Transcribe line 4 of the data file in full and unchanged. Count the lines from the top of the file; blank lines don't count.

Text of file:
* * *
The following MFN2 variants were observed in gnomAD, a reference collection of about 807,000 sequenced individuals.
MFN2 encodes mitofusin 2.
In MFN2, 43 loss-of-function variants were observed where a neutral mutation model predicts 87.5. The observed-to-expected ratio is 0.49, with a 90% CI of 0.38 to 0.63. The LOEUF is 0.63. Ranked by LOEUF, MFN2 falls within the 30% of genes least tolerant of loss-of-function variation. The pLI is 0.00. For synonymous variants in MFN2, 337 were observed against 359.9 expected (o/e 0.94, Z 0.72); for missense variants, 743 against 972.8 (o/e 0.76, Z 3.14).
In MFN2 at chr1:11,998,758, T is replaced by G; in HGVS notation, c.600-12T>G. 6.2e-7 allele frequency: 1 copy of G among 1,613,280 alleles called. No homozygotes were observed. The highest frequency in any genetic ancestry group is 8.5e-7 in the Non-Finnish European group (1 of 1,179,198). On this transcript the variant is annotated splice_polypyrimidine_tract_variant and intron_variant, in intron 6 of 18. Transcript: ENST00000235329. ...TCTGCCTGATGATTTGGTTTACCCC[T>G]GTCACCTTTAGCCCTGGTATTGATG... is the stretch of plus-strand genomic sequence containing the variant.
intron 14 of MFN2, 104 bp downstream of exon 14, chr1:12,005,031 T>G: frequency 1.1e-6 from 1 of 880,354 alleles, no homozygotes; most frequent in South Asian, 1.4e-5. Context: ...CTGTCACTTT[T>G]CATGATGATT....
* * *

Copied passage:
In MFN2 at chr1:11,998,758, T is replaced by G; in HGVS notation, c.600-12T>G. 6.2e-7 allele frequency: 1 copy of G among 1,613,280 alleles called. No homozygotes were observed. The highest frequency in any genetic ancestry group is 8.5e-7 in the Non-Finnish European group (1 of 1,179,198). On this transcript the variant is annotated splice_polypyrimidine_tract_variant and intron_variant, in intron 6 of 18. Transcript: ENST00000235329. ...TCTGCCTGATGATTTGGTTTACCCC[T>G]GTCACCTTTAGCCCTGGTATTGATG... is the stretch of plus-strand genomic sequence containing the variant.